Yet aides said that Clinton privately admired the way in which Bush’s national security team worked, especially during the Persian Gulf War. The President would like to recreate that sense of teamwork in economic affairs, they said.

The NEC is where that team will come together. The council’s members include the President and Vice President Al Gore, as well as every major Cabinet-level official involved in economic policy-making.

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The Clinton council was modeled largely after a similar economic policy board created during the Gerald R. Ford Administration. Run by L. William Seidman, who later became chairman of the Federal Deposit Insurance Corp., the Ford council was hailed by political scientists for having effectively brought economic policy issues to the forefront in the White House.

Seidman himself was essential to making it work: He was viewed as an “honest broker” who didn’t try to use his control of the board to kill ideas or exclude rivals from access to the President. Clinton officials described Rubin’s role as that of an honest broker as well; staffers stressed that Rubin’s low-key demeanor and his pragmatic policy outlook make him ideal for the role of White House mediator.

Rubin, a major Clinton fund-raiser and economic adviser, was among the initial field of candidates for secretary of the Treasury. After losing out to Bentsen for that job, he quickly emerged as the leading contender to run the NEC.

Friends of Rubin insisted that he does not view the NEC post as a consolation prize. “I don’t think this was a consolation,” said Richard Ravitch, a New York lawyer who is close to Rubin.

Rubin has spent virtually his entire career at Goldman Sachs, working his way up through the ranks of the elite investment banking house and striking it rich during the speculative bubble of the 1980s that Bill Clinton railed against during the campaign.

As a partner and co-chairman of the private firm, Rubin reportedly received roughly 2% of Goldman Sachs’ profits, which would have brought him $15 million just last year. He has not yet submitted a financial disclosure report but his ownership stake in Goldman Sachs is reportedly worth $50 million to $100 million. He is expected to convert most of that into interest-bearing notes when he cashes out of the partnership.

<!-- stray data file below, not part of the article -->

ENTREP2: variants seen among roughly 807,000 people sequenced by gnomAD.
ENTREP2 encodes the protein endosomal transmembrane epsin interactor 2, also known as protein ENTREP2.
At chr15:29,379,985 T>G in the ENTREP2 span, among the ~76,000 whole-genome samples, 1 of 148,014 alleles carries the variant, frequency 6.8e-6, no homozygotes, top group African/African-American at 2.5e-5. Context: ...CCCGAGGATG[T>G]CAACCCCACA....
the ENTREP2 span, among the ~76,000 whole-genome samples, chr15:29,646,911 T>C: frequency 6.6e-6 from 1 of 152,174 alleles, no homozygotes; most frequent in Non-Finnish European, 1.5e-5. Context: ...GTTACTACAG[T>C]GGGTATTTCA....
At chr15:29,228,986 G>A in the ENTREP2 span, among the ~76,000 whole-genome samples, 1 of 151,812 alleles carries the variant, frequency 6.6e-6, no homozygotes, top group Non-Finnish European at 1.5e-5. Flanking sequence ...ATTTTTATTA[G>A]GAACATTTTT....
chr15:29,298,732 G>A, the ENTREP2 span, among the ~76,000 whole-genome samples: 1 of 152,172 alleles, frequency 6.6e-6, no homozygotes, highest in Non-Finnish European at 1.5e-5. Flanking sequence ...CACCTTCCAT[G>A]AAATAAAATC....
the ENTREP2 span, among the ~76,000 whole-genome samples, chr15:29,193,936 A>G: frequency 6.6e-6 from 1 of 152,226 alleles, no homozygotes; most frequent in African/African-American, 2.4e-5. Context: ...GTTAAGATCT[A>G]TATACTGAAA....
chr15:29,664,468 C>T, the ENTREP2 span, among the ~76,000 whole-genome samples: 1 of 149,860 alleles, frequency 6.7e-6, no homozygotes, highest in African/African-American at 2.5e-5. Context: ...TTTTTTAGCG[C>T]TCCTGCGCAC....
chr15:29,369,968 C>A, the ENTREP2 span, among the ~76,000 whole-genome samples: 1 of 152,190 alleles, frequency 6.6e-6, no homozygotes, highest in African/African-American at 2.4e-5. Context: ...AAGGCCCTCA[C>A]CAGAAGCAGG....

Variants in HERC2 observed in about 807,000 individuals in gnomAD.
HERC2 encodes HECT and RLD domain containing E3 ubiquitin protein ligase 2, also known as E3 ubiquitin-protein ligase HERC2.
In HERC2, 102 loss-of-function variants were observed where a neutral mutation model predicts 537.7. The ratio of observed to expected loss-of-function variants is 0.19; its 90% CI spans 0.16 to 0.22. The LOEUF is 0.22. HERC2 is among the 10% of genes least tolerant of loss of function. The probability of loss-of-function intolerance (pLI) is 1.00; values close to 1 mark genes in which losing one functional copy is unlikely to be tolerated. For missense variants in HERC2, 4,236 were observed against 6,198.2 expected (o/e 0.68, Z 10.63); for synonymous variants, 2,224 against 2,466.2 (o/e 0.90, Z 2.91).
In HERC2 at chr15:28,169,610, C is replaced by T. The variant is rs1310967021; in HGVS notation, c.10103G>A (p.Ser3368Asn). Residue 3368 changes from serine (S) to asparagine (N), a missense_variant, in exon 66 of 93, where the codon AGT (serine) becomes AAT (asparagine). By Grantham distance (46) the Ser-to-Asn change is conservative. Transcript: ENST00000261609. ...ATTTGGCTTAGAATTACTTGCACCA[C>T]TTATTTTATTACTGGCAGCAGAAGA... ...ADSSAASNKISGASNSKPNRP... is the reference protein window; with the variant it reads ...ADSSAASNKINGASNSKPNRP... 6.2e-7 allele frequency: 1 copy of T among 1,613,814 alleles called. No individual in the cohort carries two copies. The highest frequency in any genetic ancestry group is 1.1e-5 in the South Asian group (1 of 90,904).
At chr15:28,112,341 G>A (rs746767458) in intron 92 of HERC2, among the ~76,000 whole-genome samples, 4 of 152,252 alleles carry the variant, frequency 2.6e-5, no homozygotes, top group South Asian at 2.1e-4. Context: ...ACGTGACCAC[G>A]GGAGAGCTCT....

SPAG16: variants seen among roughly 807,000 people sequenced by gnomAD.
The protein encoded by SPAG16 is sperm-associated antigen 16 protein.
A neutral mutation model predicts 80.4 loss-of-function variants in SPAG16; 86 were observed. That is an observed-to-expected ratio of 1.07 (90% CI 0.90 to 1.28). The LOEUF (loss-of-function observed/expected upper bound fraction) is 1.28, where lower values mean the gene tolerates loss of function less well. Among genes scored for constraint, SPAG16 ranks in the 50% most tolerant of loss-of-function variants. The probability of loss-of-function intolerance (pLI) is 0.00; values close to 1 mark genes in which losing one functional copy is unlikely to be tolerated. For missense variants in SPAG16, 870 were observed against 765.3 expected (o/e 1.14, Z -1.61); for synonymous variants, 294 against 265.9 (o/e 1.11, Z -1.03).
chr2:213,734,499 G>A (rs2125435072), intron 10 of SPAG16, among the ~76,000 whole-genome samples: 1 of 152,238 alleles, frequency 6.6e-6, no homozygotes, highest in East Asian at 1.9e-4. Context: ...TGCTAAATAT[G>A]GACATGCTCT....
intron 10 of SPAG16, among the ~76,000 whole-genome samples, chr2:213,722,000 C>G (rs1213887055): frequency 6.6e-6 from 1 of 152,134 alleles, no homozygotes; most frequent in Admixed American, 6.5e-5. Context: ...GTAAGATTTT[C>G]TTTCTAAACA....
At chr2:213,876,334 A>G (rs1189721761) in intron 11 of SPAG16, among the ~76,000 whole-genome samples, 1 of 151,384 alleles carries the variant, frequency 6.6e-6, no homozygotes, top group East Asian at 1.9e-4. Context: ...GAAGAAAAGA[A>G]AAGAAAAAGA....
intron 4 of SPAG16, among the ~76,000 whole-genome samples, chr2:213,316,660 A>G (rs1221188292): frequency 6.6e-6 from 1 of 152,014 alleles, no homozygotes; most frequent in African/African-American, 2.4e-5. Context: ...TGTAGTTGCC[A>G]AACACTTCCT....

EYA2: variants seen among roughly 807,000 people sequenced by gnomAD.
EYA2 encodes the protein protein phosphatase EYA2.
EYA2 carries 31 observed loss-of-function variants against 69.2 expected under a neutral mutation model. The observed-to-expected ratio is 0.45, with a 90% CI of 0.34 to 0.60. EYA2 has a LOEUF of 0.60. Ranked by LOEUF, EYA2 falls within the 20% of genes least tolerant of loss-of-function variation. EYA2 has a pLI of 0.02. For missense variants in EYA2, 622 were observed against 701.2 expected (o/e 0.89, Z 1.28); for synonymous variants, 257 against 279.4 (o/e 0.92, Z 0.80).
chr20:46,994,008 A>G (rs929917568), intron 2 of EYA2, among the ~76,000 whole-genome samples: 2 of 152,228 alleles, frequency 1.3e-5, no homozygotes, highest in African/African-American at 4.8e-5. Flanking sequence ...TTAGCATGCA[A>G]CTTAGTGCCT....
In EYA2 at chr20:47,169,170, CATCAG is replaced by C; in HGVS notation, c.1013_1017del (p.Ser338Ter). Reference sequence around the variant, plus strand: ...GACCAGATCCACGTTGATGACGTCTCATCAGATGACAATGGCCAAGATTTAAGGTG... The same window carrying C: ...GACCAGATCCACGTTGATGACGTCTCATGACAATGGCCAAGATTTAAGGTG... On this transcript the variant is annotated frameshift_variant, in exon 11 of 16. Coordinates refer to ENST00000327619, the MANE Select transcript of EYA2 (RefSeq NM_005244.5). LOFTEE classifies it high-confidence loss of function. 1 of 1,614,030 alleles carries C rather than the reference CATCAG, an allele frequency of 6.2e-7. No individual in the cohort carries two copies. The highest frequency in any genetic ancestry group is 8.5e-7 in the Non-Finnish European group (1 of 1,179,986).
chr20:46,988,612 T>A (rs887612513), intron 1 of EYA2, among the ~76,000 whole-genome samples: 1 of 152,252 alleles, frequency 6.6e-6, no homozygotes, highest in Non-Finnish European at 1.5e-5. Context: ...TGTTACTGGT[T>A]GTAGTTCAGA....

Throughout his business career, Rubin has been deeply involved in New York Democratic politics and fund-raising. His politics are centrist; he is described by friends as slightly liberal on social issues and relatively conservative on economic affairs and that places him right in the mainstream of the Clinton Administration’s political spectrum. His wife, Judith Rubin, is protocol commissioner for New York Mayor David N. Dinkins.

Last year, Rubin served on New York Gov. Mario M. Cuomo’s Commission on Competitiveness, which issued a detailed national policy agenda just after the presidential election. Rubin, who has said that he cares more passionately about urban affairs than any other political issue, was in charge of the commission’s review of inner-city poverty, which blasted the federal government’s neglect of the cities during the 1980s.

Now, as Rubin and his staff at the NEC feel their way through the Washington political mine field, they recognize that the real challenge they face is to run the show without appearing to do so.

“You know what (the late Secretary of State) George Marshall said was really true,” observed one Rubin aide. “You can get anything done in Washington as long as you don’t feel the need to take credit for it.”

Times staff writer Dwight Morris contributed to this story.